Partnership is a key word in the vocabulary of the business world and in the life of the church as well as in denominational endeavors. Everyone seems to be in agreement that working in partnership or as a team is the best way to be effective in life.
The difficulty is relating to each other in healthy ways so as to create and maintain a partnership which succeeds.
Author Mark Perry has written about one of the best partnership stories of the 20th century in a book titled Partners in Command. Perry describes in refreshing detail the partnership between Chief of Staff General George C. Marshall and Commanding General Dwight D. Eisenhower during World War II and the years following the cataclysmic conflict. Arguably, this historic partnership creating the frame work for a winning strategy between the U.S. and its allies.
Marshall was a military prophet who foresaw the coming of the Second World War and did all he could to prepare for it. He kept a famous “black book” with the names of emerging young officers whom he felt would be future leaders. Near the top of the list was Dwight Eisenhower. There were other notable names such as the flamboyant George Patton, but Eisenhower was chosen top field commander because he could work with all kinds of people.
At first, General Marshall was the mentor and advisor to “Ike” but, as the war in Europe moved forward, Eisenhower became the primary leader who had to take the risks and make the momentous decisions such as the D-Day invasion on June 6, 1944. Ike was the decision-maker and the diplomat. By this time, Marshall was the supporter and encourager who ran interference for Eisenhower in Washington with the President and at the Pentagon.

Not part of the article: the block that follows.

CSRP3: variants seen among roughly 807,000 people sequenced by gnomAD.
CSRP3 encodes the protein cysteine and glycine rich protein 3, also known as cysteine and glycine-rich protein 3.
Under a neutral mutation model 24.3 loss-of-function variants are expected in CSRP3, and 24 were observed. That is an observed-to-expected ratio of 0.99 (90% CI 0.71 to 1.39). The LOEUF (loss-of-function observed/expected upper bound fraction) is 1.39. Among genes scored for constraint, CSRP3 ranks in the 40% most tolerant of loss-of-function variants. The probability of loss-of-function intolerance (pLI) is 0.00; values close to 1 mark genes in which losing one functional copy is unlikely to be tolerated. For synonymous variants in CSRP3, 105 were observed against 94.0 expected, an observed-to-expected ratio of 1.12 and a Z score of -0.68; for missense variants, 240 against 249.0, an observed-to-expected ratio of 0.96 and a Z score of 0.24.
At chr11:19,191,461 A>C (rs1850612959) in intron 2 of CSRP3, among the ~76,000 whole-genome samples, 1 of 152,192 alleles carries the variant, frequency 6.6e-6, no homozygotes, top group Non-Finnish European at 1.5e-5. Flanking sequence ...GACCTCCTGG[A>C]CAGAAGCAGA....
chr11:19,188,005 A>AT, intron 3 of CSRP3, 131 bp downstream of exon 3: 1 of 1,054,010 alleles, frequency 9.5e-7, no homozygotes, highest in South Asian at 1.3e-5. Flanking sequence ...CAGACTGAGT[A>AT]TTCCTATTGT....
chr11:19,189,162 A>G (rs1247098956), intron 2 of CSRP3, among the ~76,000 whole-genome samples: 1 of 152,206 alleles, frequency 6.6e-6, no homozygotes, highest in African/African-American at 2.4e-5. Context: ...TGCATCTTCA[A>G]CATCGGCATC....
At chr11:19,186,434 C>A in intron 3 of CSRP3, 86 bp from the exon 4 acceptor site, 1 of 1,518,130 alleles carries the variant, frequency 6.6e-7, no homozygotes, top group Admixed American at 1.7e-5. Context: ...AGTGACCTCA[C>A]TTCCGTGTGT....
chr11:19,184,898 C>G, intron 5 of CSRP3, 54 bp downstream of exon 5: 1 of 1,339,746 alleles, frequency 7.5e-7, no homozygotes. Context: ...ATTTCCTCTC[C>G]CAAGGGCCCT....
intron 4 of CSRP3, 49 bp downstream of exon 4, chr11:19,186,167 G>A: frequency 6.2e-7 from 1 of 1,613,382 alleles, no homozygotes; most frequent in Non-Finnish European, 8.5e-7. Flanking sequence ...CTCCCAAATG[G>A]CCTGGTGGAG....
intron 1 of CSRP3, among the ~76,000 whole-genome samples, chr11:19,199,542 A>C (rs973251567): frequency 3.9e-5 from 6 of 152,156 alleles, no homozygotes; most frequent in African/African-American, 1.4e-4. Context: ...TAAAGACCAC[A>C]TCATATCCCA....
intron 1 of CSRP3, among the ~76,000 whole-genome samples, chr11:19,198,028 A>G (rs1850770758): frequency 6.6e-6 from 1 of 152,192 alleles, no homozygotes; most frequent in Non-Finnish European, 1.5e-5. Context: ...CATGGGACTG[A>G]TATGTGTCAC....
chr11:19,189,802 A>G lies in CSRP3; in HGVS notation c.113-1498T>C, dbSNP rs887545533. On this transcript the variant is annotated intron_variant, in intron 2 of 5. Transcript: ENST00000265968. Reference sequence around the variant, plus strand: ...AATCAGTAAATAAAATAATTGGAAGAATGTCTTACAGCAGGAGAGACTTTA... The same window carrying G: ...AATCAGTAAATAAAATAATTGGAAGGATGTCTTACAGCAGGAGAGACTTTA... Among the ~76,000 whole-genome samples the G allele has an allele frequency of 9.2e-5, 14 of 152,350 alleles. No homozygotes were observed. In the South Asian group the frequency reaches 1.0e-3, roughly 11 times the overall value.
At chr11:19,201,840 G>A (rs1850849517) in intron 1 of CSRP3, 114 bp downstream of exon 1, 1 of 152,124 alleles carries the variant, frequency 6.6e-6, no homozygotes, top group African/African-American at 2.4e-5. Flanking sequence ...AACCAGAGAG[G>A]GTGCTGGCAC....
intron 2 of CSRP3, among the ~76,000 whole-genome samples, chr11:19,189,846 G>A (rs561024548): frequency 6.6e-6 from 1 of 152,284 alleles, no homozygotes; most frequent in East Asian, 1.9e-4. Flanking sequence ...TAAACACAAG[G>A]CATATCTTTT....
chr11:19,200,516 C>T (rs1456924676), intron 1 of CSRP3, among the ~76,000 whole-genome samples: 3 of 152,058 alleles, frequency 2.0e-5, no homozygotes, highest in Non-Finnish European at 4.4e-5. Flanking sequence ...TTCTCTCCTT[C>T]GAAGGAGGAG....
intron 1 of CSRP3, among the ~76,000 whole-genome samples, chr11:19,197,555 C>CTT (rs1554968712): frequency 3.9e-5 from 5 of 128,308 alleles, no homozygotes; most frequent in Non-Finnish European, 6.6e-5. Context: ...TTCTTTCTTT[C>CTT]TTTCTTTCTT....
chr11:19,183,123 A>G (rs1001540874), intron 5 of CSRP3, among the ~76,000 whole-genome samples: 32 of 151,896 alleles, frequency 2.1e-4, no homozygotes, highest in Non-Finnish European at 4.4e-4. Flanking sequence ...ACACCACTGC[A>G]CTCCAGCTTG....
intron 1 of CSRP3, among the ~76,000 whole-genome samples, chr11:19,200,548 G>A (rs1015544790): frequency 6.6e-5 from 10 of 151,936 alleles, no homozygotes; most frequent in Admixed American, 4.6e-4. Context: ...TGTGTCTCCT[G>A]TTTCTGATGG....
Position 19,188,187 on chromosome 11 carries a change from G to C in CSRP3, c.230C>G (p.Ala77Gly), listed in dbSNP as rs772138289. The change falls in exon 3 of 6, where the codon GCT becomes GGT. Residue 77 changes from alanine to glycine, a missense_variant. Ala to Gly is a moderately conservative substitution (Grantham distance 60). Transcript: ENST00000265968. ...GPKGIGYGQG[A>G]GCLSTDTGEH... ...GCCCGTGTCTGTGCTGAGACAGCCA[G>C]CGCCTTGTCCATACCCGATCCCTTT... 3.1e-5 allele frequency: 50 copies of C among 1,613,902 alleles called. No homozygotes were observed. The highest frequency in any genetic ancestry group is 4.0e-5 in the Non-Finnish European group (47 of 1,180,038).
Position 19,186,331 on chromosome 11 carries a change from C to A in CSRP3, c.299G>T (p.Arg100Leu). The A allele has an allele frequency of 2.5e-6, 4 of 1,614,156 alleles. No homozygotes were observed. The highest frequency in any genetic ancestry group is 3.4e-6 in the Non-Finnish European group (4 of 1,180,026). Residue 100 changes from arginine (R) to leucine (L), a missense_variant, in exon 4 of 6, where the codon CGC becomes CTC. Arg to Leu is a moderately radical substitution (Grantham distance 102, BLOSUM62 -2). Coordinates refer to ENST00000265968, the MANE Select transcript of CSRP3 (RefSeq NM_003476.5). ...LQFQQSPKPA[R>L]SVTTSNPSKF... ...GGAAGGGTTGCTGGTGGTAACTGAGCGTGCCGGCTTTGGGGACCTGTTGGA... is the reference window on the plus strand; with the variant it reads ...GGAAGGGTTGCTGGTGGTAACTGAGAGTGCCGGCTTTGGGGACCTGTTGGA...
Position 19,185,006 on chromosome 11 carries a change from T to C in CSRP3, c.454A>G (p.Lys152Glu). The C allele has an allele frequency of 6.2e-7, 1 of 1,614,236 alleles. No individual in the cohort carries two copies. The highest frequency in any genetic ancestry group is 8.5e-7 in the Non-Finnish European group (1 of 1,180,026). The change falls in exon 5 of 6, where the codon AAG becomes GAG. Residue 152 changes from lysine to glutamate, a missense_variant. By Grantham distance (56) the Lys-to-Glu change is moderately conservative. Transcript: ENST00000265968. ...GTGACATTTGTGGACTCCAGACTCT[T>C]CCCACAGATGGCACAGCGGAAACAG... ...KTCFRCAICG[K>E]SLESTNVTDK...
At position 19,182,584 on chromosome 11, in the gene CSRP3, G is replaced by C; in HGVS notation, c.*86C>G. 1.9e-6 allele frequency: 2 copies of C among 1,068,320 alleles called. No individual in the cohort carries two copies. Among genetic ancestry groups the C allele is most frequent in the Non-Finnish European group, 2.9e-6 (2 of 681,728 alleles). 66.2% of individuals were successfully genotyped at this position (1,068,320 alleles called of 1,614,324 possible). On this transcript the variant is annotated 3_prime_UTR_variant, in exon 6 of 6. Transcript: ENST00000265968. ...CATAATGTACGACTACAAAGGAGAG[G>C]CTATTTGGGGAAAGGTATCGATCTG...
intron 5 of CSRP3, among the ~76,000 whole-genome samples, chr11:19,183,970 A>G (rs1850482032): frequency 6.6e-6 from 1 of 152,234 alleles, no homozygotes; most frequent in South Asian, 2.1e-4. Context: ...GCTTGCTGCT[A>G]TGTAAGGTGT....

Mark Perry infers that this was the partnership that won the war against Hitler. In my mind, he does so most convincingly. General Marshall’s credo was “never fight unless you have to, never fight alone and never fight for long.” He instilled this philosophy in the hearts and minds of his younger commanders. He had no better student than Dwight D. Eisenhower. Ike knew that democracies had to fight wars differently than dictatorships. His skill as a commander of unified forces is evidence of the Marshall mentoring.
Partners in Command is essentially a dual biographical work, but it is also a treatise on leadership. There are many lessons to be learned from people who forged effective partnerships at critical times in their lives. For believers, we are “partners in the gospel” as Paul wrote to the Philippian Christians (Phil. 1:5). That is the best of all partnerships, and it makes an eternal difference for the world in which we live There is a true sense in which we are partners in the sharing of the gospel, seeking to liberate people from the throes of sin and its consequences. Like General Marshall in World War II, the apostle Paul challenges us “to never fight alone.” We need each other. For Christians, we are “partners in a command” but partners in THE cause.